Expect to see a lot more papers like these:
Francis Bismans and Christelle Mougeot, “Austrian Business Cycle Theory: Empirical Evidence”, Review of Austrian Economics, Vol. 22, No. 3, (Sept.) 2009, pp . 241-257 (subscription pdf).
The Austrian approach to business cycles has been seldom examined in econometric terms. This paper first reviews the essentials of that . . . → Read More: Econometric Evidence Supporting Capital Based Boom & Bust Macro
On the housing market:
Government programs to prop up home prices have been half-hearted and ineffective overall, and mercifully so. A successful program to prop up home prices would have aborted the recovery process. It would have created an overhang of unsold, over-priced homes. Speculators would have held off buying and first-time buyers would have . . . → Read More: Hayekian Economist Gerald O’Driscoll
Another economist who identified what was happening prior to the 2007-2008 bust:
Excessively low interest rates and excess credit have generated other distortions and imbalances. Those schooled in the business cycle models developed by Friedrich Hayek in the 1930s know that excessively low interest rates result in a widening gap between savings and investment. People . . . → Read More: artificial boom: Steve Hanke July 2006
Paul Kasriel takes on Anna Schwartz, defending Ben Bernanke’s post-bust management of the Federal Reserve:
Ms. Schwartz asserts that Bernanke should not be re-nominated because of his sins of commission as well as his sins of omission. It is not clear to me to what Bernanke sin of commission Ms. Schwartz is referring. She alludes . . . → Read More: paul kasriel: A Hayekian Defense of Ben Bernanke
Here’s Garrison’s “Mises U.” lecture from Monday, July 27 (mp3). Watch the video with updated PowerPoint slides here, here, here, and here. Garrison adds lots of topical commentary on the current boom and bust. Great stuff.
Related – a new working paper by Foss, Klein, Barney & Agarwal, “Heterogeneous Resources and the Financial Crisis: Implications . . . → Read More: audio: Roger Garrison on Capital Based Macro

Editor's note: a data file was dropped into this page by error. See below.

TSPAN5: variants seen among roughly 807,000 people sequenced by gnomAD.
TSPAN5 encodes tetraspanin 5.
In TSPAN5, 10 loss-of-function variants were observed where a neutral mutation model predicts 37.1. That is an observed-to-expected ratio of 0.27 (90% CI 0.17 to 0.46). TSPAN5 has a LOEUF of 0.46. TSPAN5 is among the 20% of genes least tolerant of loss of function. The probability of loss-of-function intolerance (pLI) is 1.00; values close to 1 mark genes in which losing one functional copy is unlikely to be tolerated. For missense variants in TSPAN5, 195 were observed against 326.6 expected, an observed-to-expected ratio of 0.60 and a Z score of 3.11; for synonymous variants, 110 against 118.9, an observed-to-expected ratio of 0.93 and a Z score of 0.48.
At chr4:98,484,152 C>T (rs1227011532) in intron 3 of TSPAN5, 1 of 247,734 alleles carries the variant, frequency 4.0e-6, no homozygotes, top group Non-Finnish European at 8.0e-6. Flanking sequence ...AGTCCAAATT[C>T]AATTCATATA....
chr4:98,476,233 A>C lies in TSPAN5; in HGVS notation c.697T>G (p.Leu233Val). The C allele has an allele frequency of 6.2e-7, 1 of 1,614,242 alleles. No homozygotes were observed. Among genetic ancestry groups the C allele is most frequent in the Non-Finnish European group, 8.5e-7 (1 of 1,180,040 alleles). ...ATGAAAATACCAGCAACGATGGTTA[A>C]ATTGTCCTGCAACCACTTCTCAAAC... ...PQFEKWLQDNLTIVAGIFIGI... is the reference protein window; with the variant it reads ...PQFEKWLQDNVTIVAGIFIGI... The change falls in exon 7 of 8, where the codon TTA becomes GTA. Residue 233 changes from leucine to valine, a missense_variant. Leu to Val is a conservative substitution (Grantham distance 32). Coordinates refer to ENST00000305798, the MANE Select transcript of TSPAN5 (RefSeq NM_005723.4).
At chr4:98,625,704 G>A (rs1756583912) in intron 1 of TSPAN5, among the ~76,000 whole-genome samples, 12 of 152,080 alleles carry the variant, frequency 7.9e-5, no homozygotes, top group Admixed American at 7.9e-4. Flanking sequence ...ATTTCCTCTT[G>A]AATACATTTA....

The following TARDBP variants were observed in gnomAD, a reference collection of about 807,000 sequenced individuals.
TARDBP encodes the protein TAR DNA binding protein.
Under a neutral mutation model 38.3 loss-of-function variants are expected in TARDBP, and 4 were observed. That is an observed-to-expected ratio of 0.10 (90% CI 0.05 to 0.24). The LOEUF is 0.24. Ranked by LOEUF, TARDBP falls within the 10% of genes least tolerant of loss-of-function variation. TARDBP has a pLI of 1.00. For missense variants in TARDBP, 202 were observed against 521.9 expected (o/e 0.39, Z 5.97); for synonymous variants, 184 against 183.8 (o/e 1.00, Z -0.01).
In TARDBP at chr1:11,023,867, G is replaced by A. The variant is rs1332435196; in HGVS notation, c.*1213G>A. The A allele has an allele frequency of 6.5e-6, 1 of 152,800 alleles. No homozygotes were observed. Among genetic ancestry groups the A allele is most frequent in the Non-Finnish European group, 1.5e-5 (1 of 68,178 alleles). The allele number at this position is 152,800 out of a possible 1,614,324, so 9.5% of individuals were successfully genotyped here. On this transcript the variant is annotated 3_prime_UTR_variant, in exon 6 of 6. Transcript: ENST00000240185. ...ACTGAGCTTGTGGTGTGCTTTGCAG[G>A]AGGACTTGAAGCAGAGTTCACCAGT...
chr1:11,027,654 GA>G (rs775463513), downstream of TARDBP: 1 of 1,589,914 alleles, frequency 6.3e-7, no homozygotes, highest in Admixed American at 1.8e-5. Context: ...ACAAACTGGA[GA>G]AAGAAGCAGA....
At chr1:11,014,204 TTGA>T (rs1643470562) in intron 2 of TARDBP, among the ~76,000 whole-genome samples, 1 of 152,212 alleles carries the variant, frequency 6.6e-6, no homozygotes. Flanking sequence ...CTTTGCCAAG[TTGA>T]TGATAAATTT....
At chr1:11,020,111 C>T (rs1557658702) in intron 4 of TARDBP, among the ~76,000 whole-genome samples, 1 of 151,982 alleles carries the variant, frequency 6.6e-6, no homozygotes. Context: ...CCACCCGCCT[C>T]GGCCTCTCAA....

A quick google of “Obama” and “fatal conceit” harvests over 16,000 links. The interpretation of Barack Obama and his government as an instantiation of what Friedrich Hayek examined in his classic book The Fatal Conceit has become one of the dominant narratives of today. In May John Stossel wrote a widely circulated piece on the . . . → Read More: Barack Obama and The Fatal Conceit
“there is no such thing as “too much Hayek” … “ Here’s the link. Let me also recommend this one.
Elsewhere in the blogosphere, Nonoy Oplas updates the “Rule of Law” entry at Wikipedia.
The London Telegraph:
in a strange way, the by-product of this financial collapse has been to free economics of this burden. In the corridors of the Bank of England and Treasury, there is a distinct whiff of excitement. For the first time in decades, economists have been able to throw away their textbooks and go . . . → Read More: It’s Back To First Principles — And Hayek — At The Bank of England
George Selgin speaks at 10:40 into the video and Peter Schiff begins at 25:55 into the video.
BONUS: Peter Schiff was right, and Ben Bernanke was wrong, wrong, wrong. So, which one studied Hayek? And which one was reading out of the Keynesian playbook?
. . . → Read More: George Selgin & Peter Schiff on The Federal Reserve
This is timely. A previously unavailable classic — F. A. Hayek, “Decline of the Rule of Law, 1″, from The Freeman, April 20, 1953, pp. 518-520 (pdf). Here’s the article in html:
Political wisdom, dearly bought by the bitter experience of generations, is often lost through the gradual change in the meaning of the words . . . → Read More: New To The Internet — F. A. Hayek on the “Decline of the Rule of Law” (part 1)
Jennifer Rubin discovers both Hayek’s knowledge problem and Hayek’s distributed knowledge and discovery procedure solution. Did she read John Stossel or The Constitution of Liberty?
The history of science is full of useful lies, myths created and repeated in order to advance a particular narrative. One of the great myths of economics is the myth of Keynes as an unerring investor of genius. In fact, Keynes had a very rich daddy who bailed him out whenever he got himself in . . . → Read More: keynes: Bursting The Myth of Keynes As a Genius Investor